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Professor Harold Norris, one of the most senior of DCL faculty members, evokes a great deal of both affection and respect from most of his students. Many of his former students recognize the quality of his concern, the depth of his feelings and the wealth of the knowledge, which he offers to them without reservation.
Neil H. Fink, ’67, wrote, “Whatever success I have had in criminal law I will always believe in my own mind was attributable in great part to your guidance in criminal law. I will never forget the first day’s lecture on representing the unpopular client.”
Harold Norris is many things. He is, foremost, a teacher. As such, he has taught 5,000 students in his 30 years at the Detroit College of Law. As a political being, he was elected a delegate to the Michigan Constitutional Convention of 1961, serving as Vice-Chair of the Declaration of Rights Committee and authoring several sections of the Constitution itself. He is an author and a poet, a civil libertarian and an attorney, and a “Sunday” photographer, sculptor and painter.
A native Detroiter, Harold Norris graduated from Central High School, where he met his wife of 47 years, in 1935. They have two children: daughter Barbara, a teacher, and son Victor, a lawyer, both born during his Columbia Law School years, which he refers to as his “Torts and Diapers Period.” He attended the University of Michigan, receiving a Bachelor of Arts in 1939 and a Master’s in Economics in 1941, planning on a teaching career.
The following four years found him in the United States Army Air Corps. He first entered Officer Candidate School, attending the Harvard Business School program to train Statistical Control Officers. Among his classmates were Robert McNamara, later to become Secretary of Defense and President of Ford Motor Company. After graduating from the school, he spent almost three years in Britain and France with the Ninth Air Force, Air Transport Command.
In the service, law, rather than education, seemed a better road to travel. He wanted to put in place the basis for economic and political independence. After he left the service in January 1946, and considered law schools, he found Columbia University had an accelerated course for veterans in which he could complete three years work in two calendar years. Thus, he graduated from Columbia Law School in February 1948, and was able to take the Michigan Bar examination two months later.
After brief employment by two practitioners, he entered private practice, concentrating on constitutional, criminal and administrative problems. “The practitioners I worked for were active members of bar associations; I became active too. In bar association work I helped initiate and secure prepaid legal insurance, the principle of fair employment practice legislation, compulsory automobile liability insurance and the inclusion of lawyers in the Social Security Act.” He wrote the Michigan Automobile Liability Accident Claims Act.
“I was,” he notes, “a child of the depression. What happened in Detroit during the depression made a painful picture. I was sensitive to what was happening in my city, particularly to the efforts of working people toward making government responsive and responsible to the employment, housing, health and education problems of the day. I had strong feelings of justice and reason. I hoped, with the writer Albert Camus, that I could always love justice and my country at the same time.”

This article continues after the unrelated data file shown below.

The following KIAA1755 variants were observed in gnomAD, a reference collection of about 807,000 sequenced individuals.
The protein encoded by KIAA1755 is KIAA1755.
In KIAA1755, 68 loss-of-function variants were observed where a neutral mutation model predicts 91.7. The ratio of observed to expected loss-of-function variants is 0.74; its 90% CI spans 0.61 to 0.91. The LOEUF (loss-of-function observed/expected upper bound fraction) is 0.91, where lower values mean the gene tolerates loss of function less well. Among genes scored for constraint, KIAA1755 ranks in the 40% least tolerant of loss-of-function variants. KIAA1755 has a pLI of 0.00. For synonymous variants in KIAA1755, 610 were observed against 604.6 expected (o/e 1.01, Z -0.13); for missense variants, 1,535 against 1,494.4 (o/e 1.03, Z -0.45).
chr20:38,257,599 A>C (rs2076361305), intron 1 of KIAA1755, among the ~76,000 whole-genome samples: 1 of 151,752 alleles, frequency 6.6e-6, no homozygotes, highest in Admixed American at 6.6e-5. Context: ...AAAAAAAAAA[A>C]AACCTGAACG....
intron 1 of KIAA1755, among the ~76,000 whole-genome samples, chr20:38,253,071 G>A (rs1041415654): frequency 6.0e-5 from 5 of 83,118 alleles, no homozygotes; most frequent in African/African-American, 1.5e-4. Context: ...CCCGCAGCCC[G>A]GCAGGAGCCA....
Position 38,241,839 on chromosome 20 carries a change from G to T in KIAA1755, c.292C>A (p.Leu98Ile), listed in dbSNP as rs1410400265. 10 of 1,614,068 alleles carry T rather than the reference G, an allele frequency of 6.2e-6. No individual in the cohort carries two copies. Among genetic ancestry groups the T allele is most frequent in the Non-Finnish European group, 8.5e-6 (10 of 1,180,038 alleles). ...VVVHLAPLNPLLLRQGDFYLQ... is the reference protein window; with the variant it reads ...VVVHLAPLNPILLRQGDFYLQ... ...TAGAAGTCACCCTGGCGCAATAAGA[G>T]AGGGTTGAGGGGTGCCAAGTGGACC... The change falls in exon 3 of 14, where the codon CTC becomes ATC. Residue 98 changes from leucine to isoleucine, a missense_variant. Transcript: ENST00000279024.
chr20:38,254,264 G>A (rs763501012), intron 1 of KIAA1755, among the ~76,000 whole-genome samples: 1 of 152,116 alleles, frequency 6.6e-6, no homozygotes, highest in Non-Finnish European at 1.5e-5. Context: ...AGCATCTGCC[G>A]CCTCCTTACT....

Professor Norris believed at that time that a general practice would provide the economic basis for political independence. He represented a variety of labor unions, in particular Local 22 at Cadillac and Local 163 at GM Diesel, and he represented the Wholesale Paper Jobbers Association.
Among the community groups with which Professor Norris worked was the Greater Detroit Public Tenants Housing Council. This group consisted of people living in temporary and permanent housing projects, most of whom had been displaced by the great land clearance projects of the 1950’s which resulted in our system of expressways and housing areas such as Lafayette Plaisance.
“I tried,” he says, “to get the City of Detroit to relocate people before they were dislocated. I was able to get many of the residents facing eviction some time, and I also got the City to realize they had some moral and legal responsibility for relocation. Mayor Albert Cobo put Zolton Ferency, who graduated from DCL in 1952, into Management of Relocation Office, which was, unfortunately, a very modest and inadequate operation.
“I argued to the Mayor and the Council that they were placing the cost of dislocation without relocation upon the people least able to bear it, that people would be living in basements and attics, and that this would lead to density of use and a pressure cooker situation and blow up. It did. The riots came, the pressure cooker exploded. Detroit has not been the same since.”
Professor Norris also became active in the American Civil Liberties Union. He represented several teachers and students who were subpoenaed by the House Un-American Affairs Committee. When asked to help reconstitute the ACLU to provide help for those subpoenaed in Detroit, he did so. He has been a member of the Executive Board of the Detroit Chapter of the ACLU since 1952, and served as President of the Chapter from 1958-1961.
While President of the ACLU, Professor Norris pressed cases on the one-man, one-vote issue, so that electors could challenge as denials of equal protection districting of unequal population. He was also the spokesperson for greater public review of police work and the establishment of an independent review board to give impartial evaluation of citizen complaints against police.
During this period at the ACLU, he met the late Dean Charles H. King, ’33, who later asked him to join the faculty of the Detroit College of Law.
The request rekindled his old interest in teaching. Important to him was the independence, both political and economic, which would continue with an appointment at DCL under a civil libertarian such as Dean King.
“The policies of the Trustees and the Deans of DCL recognized academic freedom,” he states. “In my 30 years at DCL, starting in 1961, I was accorded effective academic freedom, both inside and outside of the classroom. I also tried to recognize effective academic freedom for students in the classroom. Students have the right to express their opinions in classroom discourse. Indeed, they are encouraged to do so. It is a part of the training to be an independent, critical, self-reliant lawyer. It is most fitting for a law school to protect First Amendment freedoms.”
In 1961, Professor Norris was elected a delegate to the Michigan Constitutional Convention, representing Detroit. As the ranking Democrat, he served as the Vice-chairman of the Committee on the Declaration of Rights, Suffrage and Elections; he also served on the Committee on Style and Drafting.